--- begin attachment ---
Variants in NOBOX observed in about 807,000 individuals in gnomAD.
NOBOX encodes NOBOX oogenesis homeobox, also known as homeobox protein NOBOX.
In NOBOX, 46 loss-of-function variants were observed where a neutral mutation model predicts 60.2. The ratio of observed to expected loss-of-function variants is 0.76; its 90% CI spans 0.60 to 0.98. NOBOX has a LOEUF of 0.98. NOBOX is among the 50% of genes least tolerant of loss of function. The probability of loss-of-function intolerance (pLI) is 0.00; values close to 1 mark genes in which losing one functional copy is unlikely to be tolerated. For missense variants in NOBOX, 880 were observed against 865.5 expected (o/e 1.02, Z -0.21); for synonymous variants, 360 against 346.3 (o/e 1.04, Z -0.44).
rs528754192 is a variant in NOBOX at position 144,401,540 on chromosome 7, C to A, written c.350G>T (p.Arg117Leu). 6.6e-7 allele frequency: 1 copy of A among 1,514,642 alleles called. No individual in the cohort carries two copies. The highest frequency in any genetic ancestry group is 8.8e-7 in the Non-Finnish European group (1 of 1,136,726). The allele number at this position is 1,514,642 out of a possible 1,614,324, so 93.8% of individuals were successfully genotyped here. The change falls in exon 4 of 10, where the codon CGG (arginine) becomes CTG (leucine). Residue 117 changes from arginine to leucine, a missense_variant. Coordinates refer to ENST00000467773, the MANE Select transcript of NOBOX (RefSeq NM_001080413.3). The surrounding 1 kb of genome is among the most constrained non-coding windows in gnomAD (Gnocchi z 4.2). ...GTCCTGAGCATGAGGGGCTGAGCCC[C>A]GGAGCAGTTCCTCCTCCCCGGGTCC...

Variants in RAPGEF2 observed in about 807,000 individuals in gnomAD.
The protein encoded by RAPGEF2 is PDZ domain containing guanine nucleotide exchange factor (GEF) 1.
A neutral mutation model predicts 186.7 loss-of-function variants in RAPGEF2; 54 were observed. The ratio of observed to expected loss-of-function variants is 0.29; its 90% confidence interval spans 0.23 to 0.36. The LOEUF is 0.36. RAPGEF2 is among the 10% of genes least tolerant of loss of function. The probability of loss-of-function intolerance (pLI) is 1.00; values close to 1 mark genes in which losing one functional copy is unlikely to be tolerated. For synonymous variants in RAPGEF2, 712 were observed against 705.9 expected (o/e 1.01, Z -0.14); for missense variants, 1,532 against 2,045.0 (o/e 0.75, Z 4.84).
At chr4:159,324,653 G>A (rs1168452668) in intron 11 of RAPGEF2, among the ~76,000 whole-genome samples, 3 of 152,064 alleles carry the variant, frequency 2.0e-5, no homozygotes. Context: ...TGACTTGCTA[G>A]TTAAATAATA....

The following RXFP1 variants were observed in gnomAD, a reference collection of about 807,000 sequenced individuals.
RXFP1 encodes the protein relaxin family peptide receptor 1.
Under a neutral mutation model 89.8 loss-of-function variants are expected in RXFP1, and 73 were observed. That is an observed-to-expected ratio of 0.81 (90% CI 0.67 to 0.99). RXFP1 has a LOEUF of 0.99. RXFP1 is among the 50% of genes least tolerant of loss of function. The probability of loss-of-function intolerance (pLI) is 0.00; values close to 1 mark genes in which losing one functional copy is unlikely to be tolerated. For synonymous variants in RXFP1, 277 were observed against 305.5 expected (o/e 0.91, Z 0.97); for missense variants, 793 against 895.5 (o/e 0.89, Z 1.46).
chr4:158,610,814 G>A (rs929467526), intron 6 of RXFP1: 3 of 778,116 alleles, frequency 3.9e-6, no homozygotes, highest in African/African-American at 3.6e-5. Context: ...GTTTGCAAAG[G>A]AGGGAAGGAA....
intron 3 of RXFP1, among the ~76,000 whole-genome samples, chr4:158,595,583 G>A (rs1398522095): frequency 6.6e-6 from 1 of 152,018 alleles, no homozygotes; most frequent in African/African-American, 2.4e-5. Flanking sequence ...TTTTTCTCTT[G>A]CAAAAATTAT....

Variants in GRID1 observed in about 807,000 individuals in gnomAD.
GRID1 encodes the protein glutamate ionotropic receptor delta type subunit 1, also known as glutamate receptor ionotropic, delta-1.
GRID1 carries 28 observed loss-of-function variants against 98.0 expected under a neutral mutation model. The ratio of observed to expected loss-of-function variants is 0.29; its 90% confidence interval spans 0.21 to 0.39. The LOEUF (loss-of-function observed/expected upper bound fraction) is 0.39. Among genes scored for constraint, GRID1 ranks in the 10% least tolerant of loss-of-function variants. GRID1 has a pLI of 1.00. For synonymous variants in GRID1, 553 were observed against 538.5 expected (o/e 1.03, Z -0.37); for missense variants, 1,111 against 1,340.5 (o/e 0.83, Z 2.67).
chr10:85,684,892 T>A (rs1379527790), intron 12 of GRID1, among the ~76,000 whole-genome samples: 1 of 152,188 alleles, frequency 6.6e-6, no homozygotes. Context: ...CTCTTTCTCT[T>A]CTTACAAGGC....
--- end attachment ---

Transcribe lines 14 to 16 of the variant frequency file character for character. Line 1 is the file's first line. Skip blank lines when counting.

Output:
Variants in GRID1 observed in about 807,000 individuals in gnomAD.
GRID1 encodes the protein glutamate ionotropic receptor delta type subunit 1, also known as glutamate receptor ionotropic, delta-1.
GRID1 carries 28 observed loss-of-function variants against 98.0 expected under a neutral mutation model. The ratio of observed to expected loss-of-function variants is 0.29; its 90% confidence interval spans 0.21 to 0.39. The LOEUF (loss-of-function observed/expected upper bound fraction) is 0.39. Among genes scored for constraint, GRID1 ranks in the 10% least tolerant of loss-of-function variants. GRID1 has a pLI of 1.00. For synonymous variants in GRID1, 553 were observed against 538.5 expected (o/e 1.03, Z -0.37); for missense variants, 1,111 against 1,340.5 (o/e 0.83, Z 2.67).